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Jurisdictional blurring: European trends and their implications for international relations theory

Fong, Bryon (2012) Jurisdictional blurring: European trends and their implications for international relations theory. PhD thesis, London School of Economics and Political Science.

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This thesis examines contemporary jurisdictional arrangements and how new and shifting forms of them impact the ability to map political and socio-political configurations, including the analytical and disciplinary tools used to examine them, into explicitly defined locations. More specifically, it asks how the jurisdictional arrangements found in modern Europe affect mainstream International Relation’s core enabling conditions – most critically, that an international realm exists, that it is jurisdictionally different and clearly separable from domestic realms, and that it therefore requires its own conceptualization. The thesis contends that IR’s ability to assume those things rests on a particular resolution to a “jurisdictional problematique” – on a specific answer to a “Who decides what, where, how, and over whom” question. While that resolution normally comes in a sovereignty-based form, sovereignty is determined to be merely one possible resolution and therefore simply one jurisdictional type. In that regard, the thesis challenges IR’s answer based on a thick examination of the European Union’s (EU) political structures (e.g. its institutional rules, programs, policies, and the like) as well as its socio-political relationships (e.g. European citizenship). It considers four potential changes, and therein four jurisdictional possibilities in their own right – breakdown, maintenance, stratification, and blurring. The thesis determines that blurring best captures the complexities, variability, and the potentially conflicting and overlapping arrangements constitutive of Europe’s jurisdictional environment. It also demonstrates that blurring is a distinct, jurisdictional alternative to sovereignty – a complex, process-based, but nonetheless operationalizable answer to the “Who decides what, where, how, and over whom” question. Those European findings are then placed into a wider perspective to illustrate global, jurisdictional variability. The thesis concludes by developing what blurring specifically and jurisdictional variability more generally entail for how one descriptively, analytically, and disciplinarily approaches modern political and socio-political life and thought. It determines that the question based, empirically sensitive foundations underpinning jurisdiction offer better ways to approach those issues than those typically used by IR – ways that better bring together theory and practice, that offer more appropriate and useful analytical procedures, and that help rethink disciplinary divisions in more sensible and efficacious ways.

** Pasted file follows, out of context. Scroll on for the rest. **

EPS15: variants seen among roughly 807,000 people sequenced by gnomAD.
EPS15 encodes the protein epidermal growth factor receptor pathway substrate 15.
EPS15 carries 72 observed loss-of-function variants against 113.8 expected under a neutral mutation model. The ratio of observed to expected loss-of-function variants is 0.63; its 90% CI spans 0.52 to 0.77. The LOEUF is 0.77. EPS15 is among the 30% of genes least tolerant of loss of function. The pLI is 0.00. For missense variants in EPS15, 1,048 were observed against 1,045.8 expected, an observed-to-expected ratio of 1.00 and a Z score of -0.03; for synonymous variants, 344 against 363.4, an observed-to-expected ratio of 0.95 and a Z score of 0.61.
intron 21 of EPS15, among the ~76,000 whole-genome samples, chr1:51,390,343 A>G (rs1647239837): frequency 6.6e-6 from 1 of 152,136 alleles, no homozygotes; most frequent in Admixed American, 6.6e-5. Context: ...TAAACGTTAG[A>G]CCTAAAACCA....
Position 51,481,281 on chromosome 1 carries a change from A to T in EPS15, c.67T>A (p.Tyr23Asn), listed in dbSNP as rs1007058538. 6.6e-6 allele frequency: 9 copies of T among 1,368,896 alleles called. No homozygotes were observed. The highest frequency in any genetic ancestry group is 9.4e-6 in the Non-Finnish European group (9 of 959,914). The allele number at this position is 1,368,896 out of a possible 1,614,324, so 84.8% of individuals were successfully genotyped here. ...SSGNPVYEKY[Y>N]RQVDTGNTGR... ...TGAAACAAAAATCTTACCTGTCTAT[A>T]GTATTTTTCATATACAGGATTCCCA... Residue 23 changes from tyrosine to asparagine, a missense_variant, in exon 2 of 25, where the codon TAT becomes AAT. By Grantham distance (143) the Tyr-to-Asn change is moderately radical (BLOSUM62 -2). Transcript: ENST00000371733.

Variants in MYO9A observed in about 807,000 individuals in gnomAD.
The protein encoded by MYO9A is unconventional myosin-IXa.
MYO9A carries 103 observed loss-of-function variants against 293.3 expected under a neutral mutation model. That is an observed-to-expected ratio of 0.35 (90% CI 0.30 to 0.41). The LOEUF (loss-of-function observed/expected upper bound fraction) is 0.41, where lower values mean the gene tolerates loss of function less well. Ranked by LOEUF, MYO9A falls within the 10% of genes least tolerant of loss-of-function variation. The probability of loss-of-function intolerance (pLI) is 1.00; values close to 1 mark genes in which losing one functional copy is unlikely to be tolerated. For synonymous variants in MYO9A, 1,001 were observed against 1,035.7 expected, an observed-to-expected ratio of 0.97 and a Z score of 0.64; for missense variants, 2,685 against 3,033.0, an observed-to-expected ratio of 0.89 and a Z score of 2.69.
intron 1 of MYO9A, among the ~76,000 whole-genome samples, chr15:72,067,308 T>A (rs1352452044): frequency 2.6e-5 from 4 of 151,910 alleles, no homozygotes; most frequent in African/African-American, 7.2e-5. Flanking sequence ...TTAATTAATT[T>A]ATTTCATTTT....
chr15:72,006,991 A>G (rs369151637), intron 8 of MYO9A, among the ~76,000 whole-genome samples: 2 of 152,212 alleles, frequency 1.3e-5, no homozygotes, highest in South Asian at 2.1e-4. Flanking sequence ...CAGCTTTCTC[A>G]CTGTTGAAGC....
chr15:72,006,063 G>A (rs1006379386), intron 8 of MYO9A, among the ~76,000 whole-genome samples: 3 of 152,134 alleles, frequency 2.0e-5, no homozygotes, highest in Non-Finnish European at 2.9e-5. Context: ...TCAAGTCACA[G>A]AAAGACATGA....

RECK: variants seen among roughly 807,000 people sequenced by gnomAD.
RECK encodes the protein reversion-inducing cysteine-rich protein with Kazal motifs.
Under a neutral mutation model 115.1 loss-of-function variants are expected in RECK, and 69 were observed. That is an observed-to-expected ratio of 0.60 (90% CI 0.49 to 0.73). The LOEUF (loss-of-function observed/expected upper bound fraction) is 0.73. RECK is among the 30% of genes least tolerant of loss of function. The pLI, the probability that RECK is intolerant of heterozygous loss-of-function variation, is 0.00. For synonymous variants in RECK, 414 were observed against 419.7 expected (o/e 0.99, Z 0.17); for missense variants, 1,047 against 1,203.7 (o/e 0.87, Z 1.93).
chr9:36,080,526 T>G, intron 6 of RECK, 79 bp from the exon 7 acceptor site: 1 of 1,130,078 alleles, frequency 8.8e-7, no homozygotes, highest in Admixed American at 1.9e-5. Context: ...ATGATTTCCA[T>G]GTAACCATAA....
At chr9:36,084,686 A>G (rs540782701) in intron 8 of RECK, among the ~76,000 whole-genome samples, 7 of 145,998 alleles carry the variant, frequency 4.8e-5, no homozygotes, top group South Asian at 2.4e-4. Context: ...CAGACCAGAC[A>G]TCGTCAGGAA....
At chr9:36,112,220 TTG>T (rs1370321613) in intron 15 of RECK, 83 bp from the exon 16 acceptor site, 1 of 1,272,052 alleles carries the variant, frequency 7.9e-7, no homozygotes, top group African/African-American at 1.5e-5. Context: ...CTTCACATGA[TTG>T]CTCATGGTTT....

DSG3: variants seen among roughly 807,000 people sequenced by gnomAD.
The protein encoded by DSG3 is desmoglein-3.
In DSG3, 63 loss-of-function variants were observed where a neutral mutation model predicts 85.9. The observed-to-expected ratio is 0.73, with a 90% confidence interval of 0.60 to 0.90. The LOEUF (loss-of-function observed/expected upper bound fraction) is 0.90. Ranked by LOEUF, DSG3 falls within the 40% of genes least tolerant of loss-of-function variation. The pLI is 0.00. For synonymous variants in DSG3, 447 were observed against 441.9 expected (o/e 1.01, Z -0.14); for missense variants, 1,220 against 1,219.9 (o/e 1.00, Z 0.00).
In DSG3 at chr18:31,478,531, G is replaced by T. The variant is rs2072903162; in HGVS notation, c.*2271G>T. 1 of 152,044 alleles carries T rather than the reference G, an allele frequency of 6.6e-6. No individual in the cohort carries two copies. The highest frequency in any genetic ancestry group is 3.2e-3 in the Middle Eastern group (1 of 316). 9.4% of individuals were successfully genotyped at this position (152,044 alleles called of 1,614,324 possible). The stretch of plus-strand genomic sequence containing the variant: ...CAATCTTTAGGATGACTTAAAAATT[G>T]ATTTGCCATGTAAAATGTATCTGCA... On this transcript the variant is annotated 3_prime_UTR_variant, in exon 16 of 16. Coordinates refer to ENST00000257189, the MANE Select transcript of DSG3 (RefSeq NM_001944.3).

Item Type: Thesis (PhD)
Additional Information: © 2012 Bryon Fong
Library of Congress subject classification: J Political Science > JN Political institutions (Europe)
J Political Science > JZ International relations
Sets: Departments > European Institute
Supervisor: White, Jonathan and Jackson-Preece, Jennifer

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